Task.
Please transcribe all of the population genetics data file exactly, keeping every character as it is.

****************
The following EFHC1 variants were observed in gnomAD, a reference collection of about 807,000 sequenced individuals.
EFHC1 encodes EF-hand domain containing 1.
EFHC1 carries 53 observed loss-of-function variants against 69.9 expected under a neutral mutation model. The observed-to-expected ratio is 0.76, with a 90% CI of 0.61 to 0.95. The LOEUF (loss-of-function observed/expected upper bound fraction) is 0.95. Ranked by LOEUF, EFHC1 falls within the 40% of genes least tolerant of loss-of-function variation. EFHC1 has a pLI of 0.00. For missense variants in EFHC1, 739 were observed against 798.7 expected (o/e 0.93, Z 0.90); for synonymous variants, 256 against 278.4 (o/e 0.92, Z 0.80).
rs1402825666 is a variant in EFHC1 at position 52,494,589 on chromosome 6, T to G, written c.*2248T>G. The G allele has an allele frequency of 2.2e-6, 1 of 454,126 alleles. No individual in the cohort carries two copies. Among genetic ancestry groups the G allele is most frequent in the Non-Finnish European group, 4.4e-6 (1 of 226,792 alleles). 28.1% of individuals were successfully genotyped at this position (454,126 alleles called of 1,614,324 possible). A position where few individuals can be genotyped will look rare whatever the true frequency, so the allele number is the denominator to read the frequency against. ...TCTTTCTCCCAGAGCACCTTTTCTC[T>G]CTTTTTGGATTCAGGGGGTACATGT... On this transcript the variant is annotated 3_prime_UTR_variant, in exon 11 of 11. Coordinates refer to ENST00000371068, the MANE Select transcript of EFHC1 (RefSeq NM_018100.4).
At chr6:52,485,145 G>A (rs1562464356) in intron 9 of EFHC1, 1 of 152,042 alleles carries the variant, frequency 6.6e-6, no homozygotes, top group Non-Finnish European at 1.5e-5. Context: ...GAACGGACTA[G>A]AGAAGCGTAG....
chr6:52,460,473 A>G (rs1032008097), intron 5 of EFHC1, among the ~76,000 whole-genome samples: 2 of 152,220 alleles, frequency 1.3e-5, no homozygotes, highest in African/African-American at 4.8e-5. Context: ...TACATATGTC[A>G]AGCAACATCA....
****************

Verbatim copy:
The following EFHC1 variants were observed in gnomAD, a reference collection of about 807,000 sequenced individuals.
EFHC1 encodes EF-hand domain containing 1.
EFHC1 carries 53 observed loss-of-function variants against 69.9 expected under a neutral mutation model. The observed-to-expected ratio is 0.76, with a 90% CI of 0.61 to 0.95. The LOEUF (loss-of-function observed/expected upper bound fraction) is 0.95. Ranked by LOEUF, EFHC1 falls within the 40% of genes least tolerant of loss-of-function variation. EFHC1 has a pLI of 0.00. For missense variants in EFHC1, 739 were observed against 798.7 expected (o/e 0.93, Z 0.90); for synonymous variants, 256 against 278.4 (o/e 0.92, Z 0.80).
rs1402825666 is a variant in EFHC1 at position 52,494,589 on chromosome 6, T to G, written c.*2248T>G. The G allele has an allele frequency of 2.2e-6, 1 of 454,126 alleles. No individual in the cohort carries two copies. Among genetic ancestry groups the G allele is most frequent in the Non-Finnish European group, 4.4e-6 (1 of 226,792 alleles). 28.1% of individuals were successfully genotyped at this position (454,126 alleles called of 1,614,324 possible). A position where few individuals can be genotyped will look rare whatever the true frequency, so the allele number is the denominator to read the frequency against. ...TCTTTCTCCCAGAGCACCTTTTCTC[T>G]CTTTTTGGATTCAGGGGGTACATGT... On this transcript the variant is annotated 3_prime_UTR_variant, in exon 11 of 11. Coordinates refer to ENST00000371068, the MANE Select transcript of EFHC1 (RefSeq NM_018100.4).
At chr6:52,485,145 G>A (rs1562464356) in intron 9 of EFHC1, 1 of 152,042 alleles carries the variant, frequency 6.6e-6, no homozygotes, top group Non-Finnish European at 1.5e-5. Context: ...GAACGGACTA[G>A]AGAAGCGTAG....
chr6:52,460,473 A>G (rs1032008097), intron 5 of EFHC1, among the ~76,000 whole-genome samples: 2 of 152,220 alleles, frequency 1.3e-5, no homozygotes, highest in African/African-American at 4.8e-5. Context: ...TACATATGTC[A>G]AGCAACATCA....